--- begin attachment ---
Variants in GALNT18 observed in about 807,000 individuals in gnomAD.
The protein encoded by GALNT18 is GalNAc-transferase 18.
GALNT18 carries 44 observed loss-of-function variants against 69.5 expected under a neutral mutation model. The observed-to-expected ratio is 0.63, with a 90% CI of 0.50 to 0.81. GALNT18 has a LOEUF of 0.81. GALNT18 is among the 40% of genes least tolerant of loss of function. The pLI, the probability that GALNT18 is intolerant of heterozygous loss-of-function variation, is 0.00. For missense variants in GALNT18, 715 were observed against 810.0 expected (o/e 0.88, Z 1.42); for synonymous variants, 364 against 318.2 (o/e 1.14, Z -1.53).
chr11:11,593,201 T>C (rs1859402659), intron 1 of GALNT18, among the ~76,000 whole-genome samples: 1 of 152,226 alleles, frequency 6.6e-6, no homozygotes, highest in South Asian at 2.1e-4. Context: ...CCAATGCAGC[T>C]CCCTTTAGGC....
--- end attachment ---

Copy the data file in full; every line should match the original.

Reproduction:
Variants in GALNT18 observed in about 807,000 individuals in gnomAD.
The protein encoded by GALNT18 is GalNAc-transferase 18.
GALNT18 carries 44 observed loss-of-function variants against 69.5 expected under a neutral mutation model. The observed-to-expected ratio is 0.63, with a 90% CI of 0.50 to 0.81. GALNT18 has a LOEUF of 0.81. GALNT18 is among the 40% of genes least tolerant of loss of function. The pLI, the probability that GALNT18 is intolerant of heterozygous loss-of-function variation, is 0.00. For missense variants in GALNT18, 715 were observed against 810.0 expected (o/e 0.88, Z 1.42); for synonymous variants, 364 against 318.2 (o/e 1.14, Z -1.53).
chr11:11,593,201 T>C (rs1859402659), intron 1 of GALNT18, among the ~76,000 whole-genome samples: 1 of 152,226 alleles, frequency 6.6e-6, no homozygotes, highest in South Asian at 2.1e-4. Context: ...CCAATGCAGC[T>C]CCCTTTAGGC....